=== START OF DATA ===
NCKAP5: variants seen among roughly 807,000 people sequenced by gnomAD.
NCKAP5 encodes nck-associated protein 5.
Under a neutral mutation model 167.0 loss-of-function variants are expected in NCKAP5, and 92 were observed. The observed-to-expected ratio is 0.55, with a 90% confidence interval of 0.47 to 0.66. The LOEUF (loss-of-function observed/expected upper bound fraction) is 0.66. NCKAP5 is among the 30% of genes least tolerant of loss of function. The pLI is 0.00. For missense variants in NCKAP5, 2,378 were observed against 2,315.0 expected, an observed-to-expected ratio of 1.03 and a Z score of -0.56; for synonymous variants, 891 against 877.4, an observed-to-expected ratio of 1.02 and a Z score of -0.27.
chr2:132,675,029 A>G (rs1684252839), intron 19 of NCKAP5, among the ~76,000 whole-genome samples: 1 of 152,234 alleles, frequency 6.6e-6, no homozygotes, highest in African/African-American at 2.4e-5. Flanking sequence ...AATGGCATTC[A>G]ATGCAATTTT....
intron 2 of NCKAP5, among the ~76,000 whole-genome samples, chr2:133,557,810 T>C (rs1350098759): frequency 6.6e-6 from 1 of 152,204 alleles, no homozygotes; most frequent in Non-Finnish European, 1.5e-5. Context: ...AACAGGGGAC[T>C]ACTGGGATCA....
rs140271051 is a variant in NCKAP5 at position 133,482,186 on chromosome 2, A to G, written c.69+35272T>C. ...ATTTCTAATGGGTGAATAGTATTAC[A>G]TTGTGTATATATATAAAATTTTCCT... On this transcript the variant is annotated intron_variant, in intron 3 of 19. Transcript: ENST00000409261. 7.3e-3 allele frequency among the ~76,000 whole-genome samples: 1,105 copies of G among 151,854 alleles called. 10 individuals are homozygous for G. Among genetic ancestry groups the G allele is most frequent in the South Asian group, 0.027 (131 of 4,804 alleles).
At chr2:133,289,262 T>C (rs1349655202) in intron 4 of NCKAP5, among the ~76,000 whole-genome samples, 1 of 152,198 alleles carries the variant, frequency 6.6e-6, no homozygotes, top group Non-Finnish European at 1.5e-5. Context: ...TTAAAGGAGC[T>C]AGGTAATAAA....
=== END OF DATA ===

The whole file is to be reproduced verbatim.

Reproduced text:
NCKAP5: variants seen among roughly 807,000 people sequenced by gnomAD.
NCKAP5 encodes nck-associated protein 5.
Under a neutral mutation model 167.0 loss-of-function variants are expected in NCKAP5, and 92 were observed. The observed-to-expected ratio is 0.55, with a 90% confidence interval of 0.47 to 0.66. The LOEUF (loss-of-function observed/expected upper bound fraction) is 0.66. NCKAP5 is among the 30% of genes least tolerant of loss of function. The pLI is 0.00. For missense variants in NCKAP5, 2,378 were observed against 2,315.0 expected, an observed-to-expected ratio of 1.03 and a Z score of -0.56; for synonymous variants, 891 against 877.4, an observed-to-expected ratio of 1.02 and a Z score of -0.27.
chr2:132,675,029 A>G (rs1684252839), intron 19 of NCKAP5, among the ~76,000 whole-genome samples: 1 of 152,234 alleles, frequency 6.6e-6, no homozygotes, highest in African/African-American at 2.4e-5. Flanking sequence ...AATGGCATTC[A>G]ATGCAATTTT....
intron 2 of NCKAP5, among the ~76,000 whole-genome samples, chr2:133,557,810 T>C (rs1350098759): frequency 6.6e-6 from 1 of 152,204 alleles, no homozygotes; most frequent in Non-Finnish European, 1.5e-5. Context: ...AACAGGGGAC[T>C]ACTGGGATCA....
rs140271051 is a variant in NCKAP5 at position 133,482,186 on chromosome 2, A to G, written c.69+35272T>C. ...ATTTCTAATGGGTGAATAGTATTAC[A>G]TTGTGTATATATATAAAATTTTCCT... On this transcript the variant is annotated intron_variant, in intron 3 of 19. Transcript: ENST00000409261. 7.3e-3 allele frequency among the ~76,000 whole-genome samples: 1,105 copies of G among 151,854 alleles called. 10 individuals are homozygous for G. Among genetic ancestry groups the G allele is most frequent in the South Asian group, 0.027 (131 of 4,804 alleles).
At chr2:133,289,262 T>C (rs1349655202) in intron 4 of NCKAP5, among the ~76,000 whole-genome samples, 1 of 152,198 alleles carries the variant, frequency 6.6e-6, no homozygotes, top group Non-Finnish European at 1.5e-5. Context: ...TTAAAGGAGC[T>C]AGGTAATAAA....